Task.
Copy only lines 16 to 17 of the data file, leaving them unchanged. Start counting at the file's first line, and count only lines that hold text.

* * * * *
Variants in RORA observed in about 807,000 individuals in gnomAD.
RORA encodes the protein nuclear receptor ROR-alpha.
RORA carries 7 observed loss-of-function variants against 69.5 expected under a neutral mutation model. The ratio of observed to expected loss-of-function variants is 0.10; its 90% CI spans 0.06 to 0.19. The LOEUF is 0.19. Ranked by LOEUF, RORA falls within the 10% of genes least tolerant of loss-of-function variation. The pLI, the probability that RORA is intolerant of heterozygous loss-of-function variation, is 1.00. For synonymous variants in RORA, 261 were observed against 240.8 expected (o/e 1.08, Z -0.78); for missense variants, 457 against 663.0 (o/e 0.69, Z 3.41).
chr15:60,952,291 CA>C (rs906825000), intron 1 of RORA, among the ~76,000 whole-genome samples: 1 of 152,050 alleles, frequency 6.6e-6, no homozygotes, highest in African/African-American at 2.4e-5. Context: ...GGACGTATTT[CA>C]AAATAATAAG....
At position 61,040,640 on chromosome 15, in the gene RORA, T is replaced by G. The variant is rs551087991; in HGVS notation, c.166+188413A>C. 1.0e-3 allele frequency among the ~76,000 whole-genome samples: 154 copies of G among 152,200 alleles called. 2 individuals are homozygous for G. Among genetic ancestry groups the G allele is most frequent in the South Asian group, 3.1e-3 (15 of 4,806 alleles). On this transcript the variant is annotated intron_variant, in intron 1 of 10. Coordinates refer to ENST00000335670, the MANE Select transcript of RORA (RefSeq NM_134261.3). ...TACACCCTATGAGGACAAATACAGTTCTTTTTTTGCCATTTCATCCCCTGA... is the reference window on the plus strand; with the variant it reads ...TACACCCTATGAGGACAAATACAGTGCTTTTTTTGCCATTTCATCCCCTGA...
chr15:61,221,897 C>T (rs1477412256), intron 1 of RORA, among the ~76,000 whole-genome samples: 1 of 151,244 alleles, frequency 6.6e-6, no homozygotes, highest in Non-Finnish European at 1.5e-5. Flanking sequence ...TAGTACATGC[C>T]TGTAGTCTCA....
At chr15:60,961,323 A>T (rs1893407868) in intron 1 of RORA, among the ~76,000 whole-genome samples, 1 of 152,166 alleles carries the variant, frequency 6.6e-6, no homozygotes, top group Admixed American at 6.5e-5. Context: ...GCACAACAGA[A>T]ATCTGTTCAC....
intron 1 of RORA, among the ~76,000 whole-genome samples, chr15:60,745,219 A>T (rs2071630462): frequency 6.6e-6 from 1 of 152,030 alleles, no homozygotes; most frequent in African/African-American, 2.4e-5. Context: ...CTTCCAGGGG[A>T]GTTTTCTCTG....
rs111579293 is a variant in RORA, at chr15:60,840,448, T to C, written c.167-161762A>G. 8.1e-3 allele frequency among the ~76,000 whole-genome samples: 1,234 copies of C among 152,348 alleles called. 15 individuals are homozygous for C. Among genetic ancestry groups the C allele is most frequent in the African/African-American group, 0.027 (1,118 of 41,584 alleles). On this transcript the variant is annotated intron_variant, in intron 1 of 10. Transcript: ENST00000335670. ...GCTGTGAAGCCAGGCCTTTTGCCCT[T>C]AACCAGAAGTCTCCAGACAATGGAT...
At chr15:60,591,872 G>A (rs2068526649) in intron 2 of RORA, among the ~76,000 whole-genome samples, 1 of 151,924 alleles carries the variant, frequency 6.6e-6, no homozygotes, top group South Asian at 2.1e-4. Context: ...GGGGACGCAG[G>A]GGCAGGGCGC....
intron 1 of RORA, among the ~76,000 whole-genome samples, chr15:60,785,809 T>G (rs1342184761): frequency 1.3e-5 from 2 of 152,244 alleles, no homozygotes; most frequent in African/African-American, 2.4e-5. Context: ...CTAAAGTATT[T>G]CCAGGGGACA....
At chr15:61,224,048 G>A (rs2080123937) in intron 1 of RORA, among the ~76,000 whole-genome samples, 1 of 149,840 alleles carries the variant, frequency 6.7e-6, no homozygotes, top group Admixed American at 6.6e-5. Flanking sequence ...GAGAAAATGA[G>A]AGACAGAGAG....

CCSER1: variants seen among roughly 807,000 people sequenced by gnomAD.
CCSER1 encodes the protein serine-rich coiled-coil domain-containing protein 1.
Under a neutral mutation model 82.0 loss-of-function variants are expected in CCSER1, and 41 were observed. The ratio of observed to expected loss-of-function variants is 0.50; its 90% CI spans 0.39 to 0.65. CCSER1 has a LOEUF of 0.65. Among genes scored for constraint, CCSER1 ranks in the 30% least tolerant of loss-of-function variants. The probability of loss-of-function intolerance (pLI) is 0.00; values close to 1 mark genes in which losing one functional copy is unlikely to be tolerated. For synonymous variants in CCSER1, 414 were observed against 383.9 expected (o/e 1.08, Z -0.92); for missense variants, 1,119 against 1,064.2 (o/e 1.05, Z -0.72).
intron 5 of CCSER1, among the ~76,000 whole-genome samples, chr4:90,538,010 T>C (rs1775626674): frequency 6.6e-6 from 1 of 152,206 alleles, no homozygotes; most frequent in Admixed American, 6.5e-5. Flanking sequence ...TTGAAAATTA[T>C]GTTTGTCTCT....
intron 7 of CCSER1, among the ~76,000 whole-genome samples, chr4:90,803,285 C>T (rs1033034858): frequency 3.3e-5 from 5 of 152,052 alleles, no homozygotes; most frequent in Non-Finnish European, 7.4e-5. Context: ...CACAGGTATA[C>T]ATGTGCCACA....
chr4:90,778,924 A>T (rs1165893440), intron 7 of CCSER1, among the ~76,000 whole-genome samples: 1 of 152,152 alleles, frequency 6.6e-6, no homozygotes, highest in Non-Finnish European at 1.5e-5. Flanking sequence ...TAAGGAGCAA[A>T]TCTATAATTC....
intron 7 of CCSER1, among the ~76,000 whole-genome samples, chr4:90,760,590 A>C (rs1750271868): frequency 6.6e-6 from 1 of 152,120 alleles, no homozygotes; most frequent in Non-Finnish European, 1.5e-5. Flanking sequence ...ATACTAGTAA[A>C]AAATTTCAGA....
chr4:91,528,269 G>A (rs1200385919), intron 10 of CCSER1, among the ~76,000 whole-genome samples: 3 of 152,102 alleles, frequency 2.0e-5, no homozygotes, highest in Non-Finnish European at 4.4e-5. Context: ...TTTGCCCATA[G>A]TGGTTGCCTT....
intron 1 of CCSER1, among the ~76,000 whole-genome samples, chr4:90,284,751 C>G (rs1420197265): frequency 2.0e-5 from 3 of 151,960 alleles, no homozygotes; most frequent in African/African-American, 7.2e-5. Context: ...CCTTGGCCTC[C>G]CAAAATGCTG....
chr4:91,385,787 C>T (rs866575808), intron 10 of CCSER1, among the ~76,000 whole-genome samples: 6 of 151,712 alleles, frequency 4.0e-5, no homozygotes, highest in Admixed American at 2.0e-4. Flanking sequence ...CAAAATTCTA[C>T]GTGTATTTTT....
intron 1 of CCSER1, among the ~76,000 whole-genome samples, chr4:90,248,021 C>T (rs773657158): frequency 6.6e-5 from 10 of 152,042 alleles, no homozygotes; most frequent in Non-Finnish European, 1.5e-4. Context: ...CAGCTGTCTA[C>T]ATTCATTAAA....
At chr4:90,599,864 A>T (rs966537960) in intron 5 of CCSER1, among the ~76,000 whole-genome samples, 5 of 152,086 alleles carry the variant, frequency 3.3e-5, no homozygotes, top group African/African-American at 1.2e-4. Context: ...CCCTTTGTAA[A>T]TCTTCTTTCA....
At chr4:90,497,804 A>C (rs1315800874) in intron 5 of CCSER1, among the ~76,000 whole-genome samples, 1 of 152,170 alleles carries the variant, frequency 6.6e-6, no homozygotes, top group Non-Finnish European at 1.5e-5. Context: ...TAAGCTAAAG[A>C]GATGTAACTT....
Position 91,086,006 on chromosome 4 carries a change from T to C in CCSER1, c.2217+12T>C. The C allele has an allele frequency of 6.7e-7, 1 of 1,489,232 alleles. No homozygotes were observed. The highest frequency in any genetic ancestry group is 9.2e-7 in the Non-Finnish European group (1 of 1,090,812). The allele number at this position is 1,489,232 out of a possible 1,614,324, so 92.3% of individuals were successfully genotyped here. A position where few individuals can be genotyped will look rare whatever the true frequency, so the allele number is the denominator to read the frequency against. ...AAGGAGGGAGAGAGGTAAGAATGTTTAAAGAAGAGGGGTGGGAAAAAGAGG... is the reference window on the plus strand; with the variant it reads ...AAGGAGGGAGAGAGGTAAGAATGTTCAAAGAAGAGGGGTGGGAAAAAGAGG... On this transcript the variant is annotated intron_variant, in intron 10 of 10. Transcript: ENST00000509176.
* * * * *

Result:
intron 5 of CCSER1, among the ~76,000 whole-genome samples, chr4:90,538,010 T>C (rs1775626674): frequency 6.6e-6 from 1 of 152,206 alleles, no homozygotes; most frequent in Admixed American, 6.5e-5. Flanking sequence ...TTGAAAATTA[T>C]GTTTGTCTCT....
intron 7 of CCSER1, among the ~76,000 whole-genome samples, chr4:90,803,285 C>T (rs1033034858): frequency 3.3e-5 from 5 of 152,052 alleles, no homozygotes; most frequent in Non-Finnish European, 7.4e-5. Context: ...CACAGGTATA[C>T]ATGTGCCACA....